2(ClO2) + 2(OH-) -> (ClO2-) + (ClO3-) + H2O

The Plasmodia may attempt to restore any thiols (RSH) lost to oxidation. However, this becomes more difficult as G6PDH is inhibited by chlorine dioxide (ClO2) or by chlorate (ClO3-).


While most available literature refers to redox imbalances causing depletion of necessary thiols. Other mechanisms of toxicity of the oxides of chlorine against Plasmodia should also be considered. Oxides of chlorine are generally rapidly reactive with ferrous iron (Fe++) converting it to ferric (Fe+++). This explains why in cases of overdosed exposures to oxides of chlorine such as sodium chlorite (NaClO2) there was a notable rise in methemoglobin levels. Methemoglobin is a metabolically inactive form of hemoglobin in which its ferrous iron (Fe++) cofactor has been oxidized to ferric (Fe+++). In living things including parasites iron is a necessary cofactor for many enzymes. Thus it is reasonable to expect that any damage to Plasmodia caused by oxides of chlorine is compounded by conversion of ferrous (Fe++) cofactors to ferric (Fe+++) or other alterations of iron compounds. Superoxide dismutase (SOD) inside Plasmodial cells also utilizes iron in its active center. Chlorine dioxide also oxidizes manganese.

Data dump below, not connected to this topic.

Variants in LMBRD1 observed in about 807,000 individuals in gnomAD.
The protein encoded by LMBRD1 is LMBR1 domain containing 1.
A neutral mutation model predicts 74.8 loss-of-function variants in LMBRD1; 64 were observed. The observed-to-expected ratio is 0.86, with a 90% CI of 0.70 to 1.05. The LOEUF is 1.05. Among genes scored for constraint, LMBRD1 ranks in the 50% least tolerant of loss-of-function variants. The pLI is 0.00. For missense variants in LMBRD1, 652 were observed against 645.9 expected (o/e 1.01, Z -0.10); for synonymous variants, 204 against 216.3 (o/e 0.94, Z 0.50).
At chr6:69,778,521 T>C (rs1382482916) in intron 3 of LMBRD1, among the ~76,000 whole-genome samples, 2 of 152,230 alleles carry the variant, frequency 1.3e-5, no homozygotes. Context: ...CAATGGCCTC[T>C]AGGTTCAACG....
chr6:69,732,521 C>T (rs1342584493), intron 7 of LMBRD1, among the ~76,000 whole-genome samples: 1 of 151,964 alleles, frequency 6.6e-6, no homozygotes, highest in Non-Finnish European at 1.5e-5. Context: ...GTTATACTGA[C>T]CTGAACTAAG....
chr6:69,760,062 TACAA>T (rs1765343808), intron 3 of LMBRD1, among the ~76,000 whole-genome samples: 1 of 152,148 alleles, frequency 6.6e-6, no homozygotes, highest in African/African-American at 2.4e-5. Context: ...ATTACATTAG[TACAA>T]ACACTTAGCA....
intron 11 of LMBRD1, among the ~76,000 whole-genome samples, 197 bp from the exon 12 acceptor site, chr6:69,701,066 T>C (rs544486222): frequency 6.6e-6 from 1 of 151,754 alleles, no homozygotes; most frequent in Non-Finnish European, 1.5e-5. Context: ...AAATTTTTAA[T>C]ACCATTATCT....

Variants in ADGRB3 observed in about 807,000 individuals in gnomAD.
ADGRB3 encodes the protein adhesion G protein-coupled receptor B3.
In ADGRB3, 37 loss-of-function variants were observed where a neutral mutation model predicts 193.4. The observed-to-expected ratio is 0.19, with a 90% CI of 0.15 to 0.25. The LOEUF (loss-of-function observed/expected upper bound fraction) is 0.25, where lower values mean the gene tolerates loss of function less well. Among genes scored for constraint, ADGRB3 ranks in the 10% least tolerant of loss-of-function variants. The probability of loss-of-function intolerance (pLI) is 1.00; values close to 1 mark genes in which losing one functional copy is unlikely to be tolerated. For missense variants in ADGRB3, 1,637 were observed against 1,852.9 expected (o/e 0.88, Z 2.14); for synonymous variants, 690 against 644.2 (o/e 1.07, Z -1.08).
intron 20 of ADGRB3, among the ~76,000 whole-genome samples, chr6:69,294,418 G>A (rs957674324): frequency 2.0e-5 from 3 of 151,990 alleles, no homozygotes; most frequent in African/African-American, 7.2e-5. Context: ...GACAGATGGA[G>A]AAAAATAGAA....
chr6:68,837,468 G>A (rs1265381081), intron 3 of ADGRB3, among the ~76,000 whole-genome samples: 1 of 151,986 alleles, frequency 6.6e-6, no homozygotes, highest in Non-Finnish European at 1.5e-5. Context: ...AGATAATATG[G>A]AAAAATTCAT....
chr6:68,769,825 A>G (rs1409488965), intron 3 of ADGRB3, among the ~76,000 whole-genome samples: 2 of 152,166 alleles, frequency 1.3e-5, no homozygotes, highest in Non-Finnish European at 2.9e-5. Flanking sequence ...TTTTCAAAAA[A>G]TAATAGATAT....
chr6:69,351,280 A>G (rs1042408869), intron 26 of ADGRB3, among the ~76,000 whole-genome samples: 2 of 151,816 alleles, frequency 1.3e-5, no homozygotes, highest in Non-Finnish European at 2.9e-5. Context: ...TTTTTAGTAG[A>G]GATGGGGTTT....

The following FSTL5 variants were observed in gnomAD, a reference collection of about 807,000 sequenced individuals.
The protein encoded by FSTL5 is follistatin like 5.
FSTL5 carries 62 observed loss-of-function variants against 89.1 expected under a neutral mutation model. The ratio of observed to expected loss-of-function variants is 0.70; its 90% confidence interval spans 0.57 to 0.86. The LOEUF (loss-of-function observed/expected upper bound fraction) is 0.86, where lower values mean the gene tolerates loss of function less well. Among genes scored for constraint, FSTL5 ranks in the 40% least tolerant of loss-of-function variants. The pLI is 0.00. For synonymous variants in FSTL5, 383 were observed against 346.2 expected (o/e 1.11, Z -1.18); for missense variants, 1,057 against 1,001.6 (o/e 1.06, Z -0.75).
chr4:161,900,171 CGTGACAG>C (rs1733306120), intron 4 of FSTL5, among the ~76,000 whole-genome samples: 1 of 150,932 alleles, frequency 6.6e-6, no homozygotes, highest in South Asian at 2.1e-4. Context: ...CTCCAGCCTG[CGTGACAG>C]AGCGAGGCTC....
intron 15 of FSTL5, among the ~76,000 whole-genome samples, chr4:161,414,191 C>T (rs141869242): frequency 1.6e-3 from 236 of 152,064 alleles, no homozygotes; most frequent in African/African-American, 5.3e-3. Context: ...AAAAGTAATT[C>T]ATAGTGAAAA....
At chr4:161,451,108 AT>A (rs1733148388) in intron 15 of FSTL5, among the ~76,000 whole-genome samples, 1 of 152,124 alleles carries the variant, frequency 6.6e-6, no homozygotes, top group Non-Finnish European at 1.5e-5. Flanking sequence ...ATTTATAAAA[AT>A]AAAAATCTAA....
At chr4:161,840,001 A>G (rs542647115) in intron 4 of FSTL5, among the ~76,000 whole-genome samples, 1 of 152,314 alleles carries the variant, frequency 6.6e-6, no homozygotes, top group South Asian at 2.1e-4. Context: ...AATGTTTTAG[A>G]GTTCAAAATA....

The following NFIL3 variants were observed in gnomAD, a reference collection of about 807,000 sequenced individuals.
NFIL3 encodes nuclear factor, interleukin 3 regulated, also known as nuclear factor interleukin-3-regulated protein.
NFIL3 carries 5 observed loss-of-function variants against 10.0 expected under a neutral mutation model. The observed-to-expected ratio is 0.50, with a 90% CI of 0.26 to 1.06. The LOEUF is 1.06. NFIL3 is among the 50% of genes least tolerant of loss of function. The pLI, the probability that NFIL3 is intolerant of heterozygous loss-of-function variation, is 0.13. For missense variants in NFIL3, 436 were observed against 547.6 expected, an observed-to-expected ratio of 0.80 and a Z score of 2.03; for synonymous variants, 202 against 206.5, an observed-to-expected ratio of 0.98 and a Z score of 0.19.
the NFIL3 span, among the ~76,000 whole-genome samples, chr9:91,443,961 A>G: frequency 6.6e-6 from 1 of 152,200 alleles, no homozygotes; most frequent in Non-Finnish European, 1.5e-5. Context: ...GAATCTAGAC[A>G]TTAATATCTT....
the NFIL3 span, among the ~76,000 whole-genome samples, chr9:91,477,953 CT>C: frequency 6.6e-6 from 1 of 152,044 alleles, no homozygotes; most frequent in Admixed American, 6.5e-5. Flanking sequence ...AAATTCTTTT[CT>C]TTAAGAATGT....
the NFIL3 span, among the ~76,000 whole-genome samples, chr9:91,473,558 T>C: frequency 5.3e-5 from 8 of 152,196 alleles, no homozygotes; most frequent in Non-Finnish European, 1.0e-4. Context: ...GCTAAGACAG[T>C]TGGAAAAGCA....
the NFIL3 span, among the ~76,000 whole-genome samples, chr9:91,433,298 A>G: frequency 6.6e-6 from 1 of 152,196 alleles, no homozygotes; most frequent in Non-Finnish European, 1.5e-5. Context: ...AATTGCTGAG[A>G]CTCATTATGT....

Other metabolites necessary for survival and growth in tumors, bacteria and parasites are the polyamines. Plasmodia quit growing and die, when polyamines are lacking, or when their functions are blocked. Polyamines are also sensitive to oxidation and can be eliminated by strong oxidants. When oxidized, polyamines are converted to aldehydes, which are deadly to parasites and to tumors. Chlorine dioxide (ClO2) is known to be especially reactive against secondary amines. This includes spermine and spermidine the two main biologically important polyamines. Thus any procedure, which is successful to oxidize both thiols and polyamines does quadruple damage to the pathogen: 1) oxidation of the thiol ornithine decarboxylase inhibits polyamine synthesis; 2) oxidation of the thiol S-adenosyl-L-methionine decarboxylase also inhibits polyamine synthesis; 3) oxidation of the secondary amines spermidine and spermine depletes polyamine supplies; 4) the products of polyamine oxidation are toxic aldehydes.